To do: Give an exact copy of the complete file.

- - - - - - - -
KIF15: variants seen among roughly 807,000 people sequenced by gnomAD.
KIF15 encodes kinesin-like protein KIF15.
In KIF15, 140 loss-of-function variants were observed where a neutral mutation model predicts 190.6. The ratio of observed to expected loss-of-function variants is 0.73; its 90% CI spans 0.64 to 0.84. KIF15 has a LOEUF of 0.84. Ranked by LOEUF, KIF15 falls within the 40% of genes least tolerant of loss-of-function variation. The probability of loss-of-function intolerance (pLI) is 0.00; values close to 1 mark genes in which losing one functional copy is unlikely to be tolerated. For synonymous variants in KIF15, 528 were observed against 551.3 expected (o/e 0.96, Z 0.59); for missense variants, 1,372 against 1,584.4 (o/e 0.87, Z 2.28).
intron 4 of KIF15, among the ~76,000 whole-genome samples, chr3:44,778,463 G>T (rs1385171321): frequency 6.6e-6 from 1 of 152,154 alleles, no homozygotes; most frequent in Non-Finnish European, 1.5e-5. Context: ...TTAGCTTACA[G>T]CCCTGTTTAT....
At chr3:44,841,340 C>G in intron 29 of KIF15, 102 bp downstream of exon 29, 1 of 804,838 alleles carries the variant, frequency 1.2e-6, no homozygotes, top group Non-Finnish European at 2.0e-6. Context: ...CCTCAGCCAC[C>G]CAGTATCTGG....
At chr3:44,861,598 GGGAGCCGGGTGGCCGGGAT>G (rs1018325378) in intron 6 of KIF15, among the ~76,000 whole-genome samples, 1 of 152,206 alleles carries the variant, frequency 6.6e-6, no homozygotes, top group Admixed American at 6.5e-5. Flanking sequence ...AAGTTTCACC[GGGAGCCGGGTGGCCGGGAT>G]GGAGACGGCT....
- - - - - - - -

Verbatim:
KIF15: variants seen among roughly 807,000 people sequenced by gnomAD.
KIF15 encodes kinesin-like protein KIF15.
In KIF15, 140 loss-of-function variants were observed where a neutral mutation model predicts 190.6. The ratio of observed to expected loss-of-function variants is 0.73; its 90% CI spans 0.64 to 0.84. KIF15 has a LOEUF of 0.84. Ranked by LOEUF, KIF15 falls within the 40% of genes least tolerant of loss-of-function variation. The probability of loss-of-function intolerance (pLI) is 0.00; values close to 1 mark genes in which losing one functional copy is unlikely to be tolerated. For synonymous variants in KIF15, 528 were observed against 551.3 expected (o/e 0.96, Z 0.59); for missense variants, 1,372 against 1,584.4 (o/e 0.87, Z 2.28).
intron 4 of KIF15, among the ~76,000 whole-genome samples, chr3:44,778,463 G>T (rs1385171321): frequency 6.6e-6 from 1 of 152,154 alleles, no homozygotes; most frequent in Non-Finnish European, 1.5e-5. Context: ...TTAGCTTACA[G>T]CCCTGTTTAT....
At chr3:44,841,340 C>G in intron 29 of KIF15, 102 bp downstream of exon 29, 1 of 804,838 alleles carries the variant, frequency 1.2e-6, no homozygotes, top group Non-Finnish European at 2.0e-6. Context: ...CCTCAGCCAC[C>G]CAGTATCTGG....
At chr3:44,861,598 GGGAGCCGGGTGGCCGGGAT>G (rs1018325378) in intron 6 of KIF15, among the ~76,000 whole-genome samples, 1 of 152,206 alleles carries the variant, frequency 6.6e-6, no homozygotes, top group Admixed American at 6.5e-5. Flanking sequence ...AAGTTTCACC[GGGAGCCGGGTGGCCGGGAT>G]GGAGACGGCT....